Neurodiversity in the workplace: Building toward a more inclusive future of work

Attention to neurodiversity in the workforce is on the rise. A growing number of prominent companies are making intentional changes to their traditional ways of working to attract, retain and support this demographic, with marked success. The convergence of three key shifts in the business landscape has elevated neurodiversity, a long under-recognized component of human diversity, to a business imperative:


  • The need for qualified talent: Growing skills gaps are challenging STEM, manufacturing and a variety of other sectors. Nearly 70% of employers globally report difficulty in filling open positions.1
  • Innovation and creativity as the basis for competitive advantage: In a complex, fast-paced world constantly being transformed by new technologies, success will require companies to cultivate diverse, out-of-the-box thinking and new ideas.
  • Growing focus on DE&I: Diversity, equity and inclusion has become a primary corporate concern as a growing body of research affirms a link between diversity and performance.


Companies can no longer afford to miss out on new neurodivergent talent — or the neurodivergent talent in their current workforces that could perform even better in a workplace more sensitive to their needs.


Examples of neurodiversity include, but are not limited to:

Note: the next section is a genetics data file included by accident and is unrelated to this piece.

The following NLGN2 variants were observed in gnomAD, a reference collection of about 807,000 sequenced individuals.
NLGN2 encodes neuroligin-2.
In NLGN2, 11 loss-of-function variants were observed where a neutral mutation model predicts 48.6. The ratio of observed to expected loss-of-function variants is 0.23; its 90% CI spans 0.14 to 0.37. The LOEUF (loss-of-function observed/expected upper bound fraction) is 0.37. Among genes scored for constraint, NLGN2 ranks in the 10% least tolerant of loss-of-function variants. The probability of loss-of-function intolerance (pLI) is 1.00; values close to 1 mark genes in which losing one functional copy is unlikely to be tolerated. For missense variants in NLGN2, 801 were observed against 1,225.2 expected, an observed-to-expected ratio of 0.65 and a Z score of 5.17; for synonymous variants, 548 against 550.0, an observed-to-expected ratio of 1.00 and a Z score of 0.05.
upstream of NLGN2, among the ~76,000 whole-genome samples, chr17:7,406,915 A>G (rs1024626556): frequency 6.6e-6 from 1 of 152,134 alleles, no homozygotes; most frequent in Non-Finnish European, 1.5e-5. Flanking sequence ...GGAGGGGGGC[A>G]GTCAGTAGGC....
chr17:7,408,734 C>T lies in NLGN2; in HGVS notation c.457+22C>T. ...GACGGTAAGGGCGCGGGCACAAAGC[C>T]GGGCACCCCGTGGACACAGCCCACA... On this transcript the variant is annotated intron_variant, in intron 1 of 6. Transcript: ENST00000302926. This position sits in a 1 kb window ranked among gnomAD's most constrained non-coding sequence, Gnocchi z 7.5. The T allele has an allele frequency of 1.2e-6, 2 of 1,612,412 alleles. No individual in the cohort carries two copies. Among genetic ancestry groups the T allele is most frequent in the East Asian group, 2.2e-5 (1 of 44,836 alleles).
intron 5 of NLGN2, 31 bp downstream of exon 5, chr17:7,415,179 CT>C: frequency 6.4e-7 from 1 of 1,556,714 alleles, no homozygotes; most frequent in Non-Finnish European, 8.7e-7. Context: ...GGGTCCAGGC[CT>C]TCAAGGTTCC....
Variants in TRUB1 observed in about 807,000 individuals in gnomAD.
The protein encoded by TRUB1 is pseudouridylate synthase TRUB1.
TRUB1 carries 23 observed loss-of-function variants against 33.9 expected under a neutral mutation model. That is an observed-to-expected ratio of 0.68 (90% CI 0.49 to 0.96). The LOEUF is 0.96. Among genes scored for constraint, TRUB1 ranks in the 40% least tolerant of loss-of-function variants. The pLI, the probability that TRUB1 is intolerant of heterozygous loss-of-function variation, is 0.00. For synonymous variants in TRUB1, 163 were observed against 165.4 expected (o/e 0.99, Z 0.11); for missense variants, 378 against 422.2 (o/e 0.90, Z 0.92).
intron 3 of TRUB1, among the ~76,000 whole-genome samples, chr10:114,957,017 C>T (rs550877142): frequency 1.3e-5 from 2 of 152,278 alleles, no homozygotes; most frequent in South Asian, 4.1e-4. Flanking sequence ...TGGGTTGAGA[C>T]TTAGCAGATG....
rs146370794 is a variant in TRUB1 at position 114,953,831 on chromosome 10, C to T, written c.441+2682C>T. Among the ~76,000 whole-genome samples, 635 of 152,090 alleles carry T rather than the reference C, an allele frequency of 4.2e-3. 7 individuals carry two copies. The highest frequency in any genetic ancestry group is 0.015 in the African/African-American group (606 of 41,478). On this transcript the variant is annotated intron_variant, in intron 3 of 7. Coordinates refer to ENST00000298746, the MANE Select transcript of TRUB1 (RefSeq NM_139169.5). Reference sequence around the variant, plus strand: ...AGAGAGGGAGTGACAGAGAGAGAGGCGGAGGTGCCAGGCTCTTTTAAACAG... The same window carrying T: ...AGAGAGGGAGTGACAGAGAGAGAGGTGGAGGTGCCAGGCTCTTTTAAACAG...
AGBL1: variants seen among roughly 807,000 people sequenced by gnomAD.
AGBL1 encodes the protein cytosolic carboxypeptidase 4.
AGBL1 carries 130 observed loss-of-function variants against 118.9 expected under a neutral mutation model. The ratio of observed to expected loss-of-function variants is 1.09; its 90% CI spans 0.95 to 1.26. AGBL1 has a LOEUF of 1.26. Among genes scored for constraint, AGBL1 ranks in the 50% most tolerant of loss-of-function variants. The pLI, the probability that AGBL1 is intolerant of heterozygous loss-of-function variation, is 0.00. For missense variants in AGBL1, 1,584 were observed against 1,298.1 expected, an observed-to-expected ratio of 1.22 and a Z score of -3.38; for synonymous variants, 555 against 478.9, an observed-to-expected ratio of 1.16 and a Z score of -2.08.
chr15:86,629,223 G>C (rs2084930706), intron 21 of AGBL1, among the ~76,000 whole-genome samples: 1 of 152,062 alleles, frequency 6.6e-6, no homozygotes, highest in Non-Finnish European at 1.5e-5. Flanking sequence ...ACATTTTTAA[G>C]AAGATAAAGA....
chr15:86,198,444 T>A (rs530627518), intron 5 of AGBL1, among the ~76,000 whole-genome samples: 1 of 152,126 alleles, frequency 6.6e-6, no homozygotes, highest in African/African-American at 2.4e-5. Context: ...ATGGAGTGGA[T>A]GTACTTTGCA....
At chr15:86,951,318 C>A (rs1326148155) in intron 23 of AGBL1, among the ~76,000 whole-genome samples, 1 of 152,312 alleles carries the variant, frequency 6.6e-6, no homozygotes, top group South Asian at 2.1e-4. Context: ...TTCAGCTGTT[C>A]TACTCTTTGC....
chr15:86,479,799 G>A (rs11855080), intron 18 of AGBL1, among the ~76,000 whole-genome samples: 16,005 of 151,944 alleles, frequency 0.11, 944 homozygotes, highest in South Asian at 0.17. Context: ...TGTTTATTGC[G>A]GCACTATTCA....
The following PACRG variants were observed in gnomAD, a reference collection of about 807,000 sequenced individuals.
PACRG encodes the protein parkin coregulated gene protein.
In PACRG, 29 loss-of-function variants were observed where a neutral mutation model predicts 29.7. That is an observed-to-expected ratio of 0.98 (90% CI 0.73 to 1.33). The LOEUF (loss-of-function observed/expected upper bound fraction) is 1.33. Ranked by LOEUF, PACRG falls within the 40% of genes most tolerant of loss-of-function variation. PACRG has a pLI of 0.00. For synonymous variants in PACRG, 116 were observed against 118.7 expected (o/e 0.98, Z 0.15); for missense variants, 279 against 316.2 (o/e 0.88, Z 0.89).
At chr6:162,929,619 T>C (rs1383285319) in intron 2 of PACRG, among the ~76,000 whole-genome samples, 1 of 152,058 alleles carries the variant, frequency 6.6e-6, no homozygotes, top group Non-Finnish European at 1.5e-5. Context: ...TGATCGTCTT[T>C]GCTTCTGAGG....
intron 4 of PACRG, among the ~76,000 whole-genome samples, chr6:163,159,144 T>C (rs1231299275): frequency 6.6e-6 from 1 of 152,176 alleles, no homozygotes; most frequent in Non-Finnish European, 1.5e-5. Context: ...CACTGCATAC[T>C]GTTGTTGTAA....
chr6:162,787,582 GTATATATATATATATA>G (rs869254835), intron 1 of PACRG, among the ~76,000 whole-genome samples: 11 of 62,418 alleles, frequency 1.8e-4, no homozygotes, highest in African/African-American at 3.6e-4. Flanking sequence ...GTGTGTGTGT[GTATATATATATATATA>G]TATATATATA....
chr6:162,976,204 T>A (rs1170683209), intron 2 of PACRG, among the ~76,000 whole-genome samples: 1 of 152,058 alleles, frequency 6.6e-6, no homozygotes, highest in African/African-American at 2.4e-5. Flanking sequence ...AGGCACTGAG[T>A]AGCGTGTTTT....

• Dyslexia
  • Attention Deficit Hyperactivity Disorder (ADHD)
  • Autism Spectrum Disorder (ASD)


To become more neurodiversity-inclusive, companies are thinking beyond immediate adjustments and looking at how the systems, processes, physical environments and cultural fabric of their organizations can better help neurodivergent workers to thrive. Ultimately, these changes are driving a paradigm shift in people management that emphasizes a greater sensitivity to individual needs—seeking to recognize, cultivate and accommodate differences so that all employees reach their full potential.


The question then becomes: How do employers foster workplaces that enable all employees to thrive? This report aims to answer that question by providing an overview of what neurodiversity in the workplace is, why it matters to business leaders and what steps any organization can take to get started.

Read our study for a more in-depth look at these findings.

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